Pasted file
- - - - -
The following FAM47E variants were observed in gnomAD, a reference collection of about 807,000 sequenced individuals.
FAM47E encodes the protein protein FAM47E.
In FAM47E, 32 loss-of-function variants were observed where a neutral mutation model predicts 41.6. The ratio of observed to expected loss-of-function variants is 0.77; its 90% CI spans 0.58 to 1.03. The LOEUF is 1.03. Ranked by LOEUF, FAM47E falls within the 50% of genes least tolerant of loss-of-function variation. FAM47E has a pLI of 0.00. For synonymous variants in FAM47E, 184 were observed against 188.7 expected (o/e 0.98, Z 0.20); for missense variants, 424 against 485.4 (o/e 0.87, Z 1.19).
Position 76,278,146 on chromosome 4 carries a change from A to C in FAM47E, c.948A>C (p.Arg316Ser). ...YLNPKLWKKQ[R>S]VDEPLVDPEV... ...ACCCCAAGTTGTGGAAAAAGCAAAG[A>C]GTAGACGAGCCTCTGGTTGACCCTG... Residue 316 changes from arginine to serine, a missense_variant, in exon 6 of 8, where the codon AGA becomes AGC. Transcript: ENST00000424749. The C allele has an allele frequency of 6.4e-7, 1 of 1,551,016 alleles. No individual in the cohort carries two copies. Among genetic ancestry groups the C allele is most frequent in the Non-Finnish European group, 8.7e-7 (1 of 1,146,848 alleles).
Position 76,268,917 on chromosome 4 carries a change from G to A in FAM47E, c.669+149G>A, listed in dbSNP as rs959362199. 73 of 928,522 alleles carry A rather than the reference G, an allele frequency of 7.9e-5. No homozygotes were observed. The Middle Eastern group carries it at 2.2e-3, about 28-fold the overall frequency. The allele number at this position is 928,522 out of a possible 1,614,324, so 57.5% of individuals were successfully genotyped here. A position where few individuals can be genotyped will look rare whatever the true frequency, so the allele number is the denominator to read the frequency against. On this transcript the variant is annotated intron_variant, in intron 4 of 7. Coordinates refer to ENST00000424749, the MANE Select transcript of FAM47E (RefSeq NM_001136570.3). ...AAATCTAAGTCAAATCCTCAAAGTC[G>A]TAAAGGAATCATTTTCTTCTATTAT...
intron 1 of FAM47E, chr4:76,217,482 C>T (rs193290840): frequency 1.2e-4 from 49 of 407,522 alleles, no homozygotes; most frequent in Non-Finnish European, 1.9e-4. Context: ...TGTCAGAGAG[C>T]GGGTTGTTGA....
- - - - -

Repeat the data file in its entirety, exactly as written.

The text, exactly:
The following FAM47E variants were observed in gnomAD, a reference collection of about 807,000 sequenced individuals.
FAM47E encodes the protein protein FAM47E.
In FAM47E, 32 loss-of-function variants were observed where a neutral mutation model predicts 41.6. The ratio of observed to expected loss-of-function variants is 0.77; its 90% CI spans 0.58 to 1.03. The LOEUF is 1.03. Ranked by LOEUF, FAM47E falls within the 50% of genes least tolerant of loss-of-function variation. FAM47E has a pLI of 0.00. For synonymous variants in FAM47E, 184 were observed against 188.7 expected (o/e 0.98, Z 0.20); for missense variants, 424 against 485.4 (o/e 0.87, Z 1.19).
Position 76,278,146 on chromosome 4 carries a change from A to C in FAM47E, c.948A>C (p.Arg316Ser). ...YLNPKLWKKQ[R>S]VDEPLVDPEV... ...ACCCCAAGTTGTGGAAAAAGCAAAG[A>C]GTAGACGAGCCTCTGGTTGACCCTG... Residue 316 changes from arginine to serine, a missense_variant, in exon 6 of 8, where the codon AGA becomes AGC. Transcript: ENST00000424749. The C allele has an allele frequency of 6.4e-7, 1 of 1,551,016 alleles. No individual in the cohort carries two copies. Among genetic ancestry groups the C allele is most frequent in the Non-Finnish European group, 8.7e-7 (1 of 1,146,848 alleles).
Position 76,268,917 on chromosome 4 carries a change from G to A in FAM47E, c.669+149G>A, listed in dbSNP as rs959362199. 73 of 928,522 alleles carry A rather than the reference G, an allele frequency of 7.9e-5. No homozygotes were observed. The Middle Eastern group carries it at 2.2e-3, about 28-fold the overall frequency. The allele number at this position is 928,522 out of a possible 1,614,324, so 57.5% of individuals were successfully genotyped here. A position where few individuals can be genotyped will look rare whatever the true frequency, so the allele number is the denominator to read the frequency against. On this transcript the variant is annotated intron_variant, in intron 4 of 7. Coordinates refer to ENST00000424749, the MANE Select transcript of FAM47E (RefSeq NM_001136570.3). ...AAATCTAAGTCAAATCCTCAAAGTC[G>A]TAAAGGAATCATTTTCTTCTATTAT...
intron 1 of FAM47E, chr4:76,217,482 C>T (rs193290840): frequency 1.2e-4 from 49 of 407,522 alleles, no homozygotes; most frequent in Non-Finnish European, 1.9e-4. Context: ...TGTCAGAGAG[C>T]GGGTTGTTGA....